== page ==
Over the past two decades Clostridium difficile infection (CDI) has reached epidemic proportions due to emergence of more virulent strains of the pathogen. Fecal microbiota transplantation (FMT) has emerged as a potential solution for many patients refractory to antibiotic treatment alone. We and others have previously shown that FMT promptly restores normal fecal bacterial composition similar to that of the donors. We had also shown that recovery of normal microbial gut ecology is accompanied by major changes in the fecal metabolome, which importantly includes normalization of fecal bile acid composition. The focus on bile acids is mechanistically relevant because they are known to play important roles in the lifecycle of C. difficile. Specifically, taurocholate (a major primary bile acid) is a potent germinant of C. difficile spores, and a critical component of C. difficile growth media in the laboratory. In contrast, lithocholate and deoxycholate (dominant secondary bile acids) are inhibitors of C. difficile spore germination and vegetative growth, respectively. We found that fecal samples from RCDI patients before FMT contain no detectable secondary bile acids, but do have elevated concentrations of primary bile acids. Fecal samples taken from the same patients after FMT contain donor-like fecal bile acid composition. Therefore, our central hypothesis is that antibiotics used to treat CDI patients alter bile acid metabolism to favor C. difficile germination and growth, and FMT restores the normal bile acid composition that is inhospitable to C. difficile expansion. In this proposal we will extend our exploratory preliminary results and test this hypothesis by performing quantitative analysis of bile acid metabolism in patients with RCDI pre- and post-FMT and testing pre- and post-FMT fecal samples for germinant activity and growth inhibition on clinical isolates of C. difficile bacteria. In additionwe will test one non-FMT approach to alter bile acid composition unfavorable to C. difficile: a bile acid sequestrant resin, cholestyramine, in combination with lovastatin. The latter will be used to inhibit compensatory increase in de novo bile acid synthesis in the liver. Results of this work wil inform future clinical trials in treating patients with refractory CDI by targeting bile acid metabolism.

Public Health Relevance

Fecal transplantation (FMT) has emerged as an effective approach to treat C. difficile infection that does not respond to antibiotics. However, mechanisms of this procedure are poorly understood. Here we test a compelling hypothesis for how this procedure works involving changes in bile acid metabolism. This hypothesis, if true, can form a foundation for next generation therapeutics for this challenging problem.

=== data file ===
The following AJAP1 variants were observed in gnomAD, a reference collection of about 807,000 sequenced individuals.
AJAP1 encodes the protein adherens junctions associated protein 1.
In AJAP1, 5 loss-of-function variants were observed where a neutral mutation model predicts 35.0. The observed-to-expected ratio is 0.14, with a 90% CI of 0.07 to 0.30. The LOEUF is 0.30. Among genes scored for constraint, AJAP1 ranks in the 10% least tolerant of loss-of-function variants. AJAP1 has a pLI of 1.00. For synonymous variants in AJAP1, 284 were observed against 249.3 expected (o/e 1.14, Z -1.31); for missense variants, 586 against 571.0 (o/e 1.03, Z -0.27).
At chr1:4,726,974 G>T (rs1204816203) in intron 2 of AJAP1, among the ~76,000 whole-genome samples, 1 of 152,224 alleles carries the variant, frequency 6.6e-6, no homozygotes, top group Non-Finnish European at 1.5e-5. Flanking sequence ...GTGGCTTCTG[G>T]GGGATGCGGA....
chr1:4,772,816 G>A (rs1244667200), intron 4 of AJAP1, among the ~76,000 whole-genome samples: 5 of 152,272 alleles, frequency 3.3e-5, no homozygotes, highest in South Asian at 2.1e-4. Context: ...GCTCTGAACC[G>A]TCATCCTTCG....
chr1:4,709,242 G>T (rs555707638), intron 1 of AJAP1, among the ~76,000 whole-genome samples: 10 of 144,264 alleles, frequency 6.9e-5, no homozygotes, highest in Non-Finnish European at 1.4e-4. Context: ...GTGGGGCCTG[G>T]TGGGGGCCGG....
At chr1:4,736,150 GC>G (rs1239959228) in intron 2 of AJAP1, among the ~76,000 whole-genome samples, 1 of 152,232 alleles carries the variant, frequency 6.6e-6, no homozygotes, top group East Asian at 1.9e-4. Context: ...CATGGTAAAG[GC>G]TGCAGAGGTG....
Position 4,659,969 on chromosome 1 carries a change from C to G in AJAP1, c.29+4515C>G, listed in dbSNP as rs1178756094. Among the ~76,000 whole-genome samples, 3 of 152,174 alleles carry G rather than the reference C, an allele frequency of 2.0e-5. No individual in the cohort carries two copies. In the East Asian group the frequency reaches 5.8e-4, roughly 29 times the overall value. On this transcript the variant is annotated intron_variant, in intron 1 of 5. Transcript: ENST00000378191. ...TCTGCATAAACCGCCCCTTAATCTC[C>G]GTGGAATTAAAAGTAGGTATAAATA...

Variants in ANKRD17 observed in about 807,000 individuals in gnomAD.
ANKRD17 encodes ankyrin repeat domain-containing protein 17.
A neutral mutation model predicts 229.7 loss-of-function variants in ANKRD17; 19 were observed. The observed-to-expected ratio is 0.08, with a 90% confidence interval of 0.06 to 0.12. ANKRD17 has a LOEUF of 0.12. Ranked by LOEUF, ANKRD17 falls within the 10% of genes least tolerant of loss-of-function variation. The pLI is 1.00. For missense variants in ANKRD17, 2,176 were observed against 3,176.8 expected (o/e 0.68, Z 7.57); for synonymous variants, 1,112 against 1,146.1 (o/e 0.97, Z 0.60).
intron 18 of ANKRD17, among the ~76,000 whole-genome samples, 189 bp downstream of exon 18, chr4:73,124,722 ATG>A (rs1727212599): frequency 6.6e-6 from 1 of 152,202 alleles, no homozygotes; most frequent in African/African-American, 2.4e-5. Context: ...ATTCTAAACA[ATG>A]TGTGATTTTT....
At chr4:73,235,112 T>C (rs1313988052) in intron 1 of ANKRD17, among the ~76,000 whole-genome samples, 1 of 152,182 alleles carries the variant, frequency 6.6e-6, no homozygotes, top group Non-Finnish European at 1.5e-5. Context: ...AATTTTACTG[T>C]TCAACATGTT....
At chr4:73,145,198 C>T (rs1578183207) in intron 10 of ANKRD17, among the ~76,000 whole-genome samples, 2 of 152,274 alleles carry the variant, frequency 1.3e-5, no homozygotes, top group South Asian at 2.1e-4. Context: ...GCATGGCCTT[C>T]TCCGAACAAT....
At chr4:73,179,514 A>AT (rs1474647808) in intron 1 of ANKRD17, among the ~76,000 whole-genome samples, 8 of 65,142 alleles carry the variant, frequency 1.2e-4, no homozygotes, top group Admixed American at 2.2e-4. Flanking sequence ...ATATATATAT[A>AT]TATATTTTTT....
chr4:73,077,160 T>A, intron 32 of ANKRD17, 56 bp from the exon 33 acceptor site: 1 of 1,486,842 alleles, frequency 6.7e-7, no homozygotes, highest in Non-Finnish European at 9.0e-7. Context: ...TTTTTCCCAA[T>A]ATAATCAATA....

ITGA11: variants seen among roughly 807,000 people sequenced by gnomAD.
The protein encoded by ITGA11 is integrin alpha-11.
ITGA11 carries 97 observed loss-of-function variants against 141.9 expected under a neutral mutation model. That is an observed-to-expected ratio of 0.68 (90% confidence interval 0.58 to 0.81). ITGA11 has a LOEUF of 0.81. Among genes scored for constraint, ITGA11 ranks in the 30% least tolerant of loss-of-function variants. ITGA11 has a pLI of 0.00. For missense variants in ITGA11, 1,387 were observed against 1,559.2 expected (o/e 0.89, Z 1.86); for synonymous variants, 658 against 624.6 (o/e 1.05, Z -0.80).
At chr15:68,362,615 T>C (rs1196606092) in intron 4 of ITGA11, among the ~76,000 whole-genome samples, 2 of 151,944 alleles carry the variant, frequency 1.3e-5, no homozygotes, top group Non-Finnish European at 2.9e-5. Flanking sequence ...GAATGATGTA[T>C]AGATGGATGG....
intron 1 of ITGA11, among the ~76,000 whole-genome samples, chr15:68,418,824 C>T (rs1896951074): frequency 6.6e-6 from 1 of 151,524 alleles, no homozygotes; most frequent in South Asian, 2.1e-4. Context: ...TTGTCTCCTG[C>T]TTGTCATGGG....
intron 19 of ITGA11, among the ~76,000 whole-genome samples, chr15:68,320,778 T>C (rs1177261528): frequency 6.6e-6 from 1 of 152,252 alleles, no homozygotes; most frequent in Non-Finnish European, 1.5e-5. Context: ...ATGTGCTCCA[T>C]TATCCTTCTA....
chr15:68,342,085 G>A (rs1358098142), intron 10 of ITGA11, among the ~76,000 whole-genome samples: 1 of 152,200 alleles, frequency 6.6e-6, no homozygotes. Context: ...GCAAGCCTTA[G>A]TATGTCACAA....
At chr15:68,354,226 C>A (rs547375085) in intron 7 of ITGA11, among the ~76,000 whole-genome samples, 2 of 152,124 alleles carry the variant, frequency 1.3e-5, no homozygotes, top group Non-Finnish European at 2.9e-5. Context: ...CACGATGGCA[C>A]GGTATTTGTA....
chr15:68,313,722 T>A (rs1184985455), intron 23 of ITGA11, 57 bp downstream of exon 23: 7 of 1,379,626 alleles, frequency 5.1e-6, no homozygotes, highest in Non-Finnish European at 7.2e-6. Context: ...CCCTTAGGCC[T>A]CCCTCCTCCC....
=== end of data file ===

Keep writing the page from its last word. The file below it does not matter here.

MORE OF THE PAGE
Agency
National Institute of Health (NIH)
Institute
National Institute of Allergy and Infectious Diseases (NIAID)
Type
Exploratory/Developmental Grants (R21)
Project #
1R21AI114722-01
Application #
8802719
Study Section
Gastrointestinal Mucosal Pathobiology Study Section (GMPB)
Program Officer
Ranallo, Ryan
Project Start
2015-04-22
Project End
2017-03-31
Budget Start
2015-04-22
Budget End
2016-03-31
Support Year
1
Fiscal Year
2015
Total Cost
$226,254
Indirect Cost
$76,254
Name
University of Minnesota Twin Cities
Department
Internal Medicine/Medicine
Type
Schools of Medicine
DUNS #
555917996
City
Minneapolis
State
MN
Country
United States
Zip Code
55455
Staley, Christopher; Kaiser, Thomas; Vaughn, Byron P et al. (2018) Predicting recurrence of Clostridium difficile infection following encapsulated fecal microbiota transplantation. Microbiome 6:166
Stoltz, Kristen L; Erickson, Raymond; Staley, Christopher et al. (2017) Synthesis and Biological Evaluation of Bile Acid Analogues Inhibitory to Clostridium difficile Spore Germination. J Med Chem 60:3451-3471
Staley, Christopher; Hamilton, Matthew J; Vaughn, Byron P et al. (2017) Successful Resolution of Recurrent Clostridium difficile Infection using Freeze-Dried, Encapsulated Fecal Microbiota; Pragmatic Cohort Study. Am J Gastroenterol 112:940-947
Staley, Christopher; Weingarden, Alexa R; Khoruts, Alexander et al. (2017) Interaction of gut microbiota with bile acid metabolism and its influence on disease states. Appl Microbiol Biotechnol 101:47-64
Staley, Christopher; Vaughn, Byron P; Graiziger, Carolyn T et al. (2017) Community dynamics drive punctuated engraftment of the fecal microbiome following transplantation using freeze-dried, encapsulated fecal microbiota. Gut Microbes 8:276-288
Staley, Christopher; Kaiser, Thomas; Beura, Lalit K et al. (2017) Stable engraftment of human microbiota into mice with a single oral gavage following antibiotic conditioning. Microbiome 5:87
Kelly, Colleen R; Khoruts, Alexander; Staley, Christopher et al. (2016) Effect of Fecal Microbiota Transplantation on Recurrence in Multiply Recurrent Clostridium difficile Infection: A Randomized Trial. Ann Intern Med 165:609-616
Khoruts, Alexander; Sadowsky, Michael J (2016) Understanding the mechanisms of faecal microbiota transplantation. Nat Rev Gastroenterol Hepatol 13:508-16
Staley, Christopher; Kelly, Colleen R; Brandt, Lawrence J et al. (2016) Complete Microbiota Engraftment Is Not Essential for Recovery from Recurrent Clostridium difficile Infection following Fecal Microbiota Transplantation. MBio 7:
Weingarden, Alexa R; Dosa, Peter I; DeWinter, Erin et al. (2016) Changes in Colonic Bile Acid Composition following Fecal Microbiota Transplantation Are Sufficient to Control Clostridium difficile Germination and Growth. PLoS One 11:e0147210

Showing the most recent 10 out of 11 publications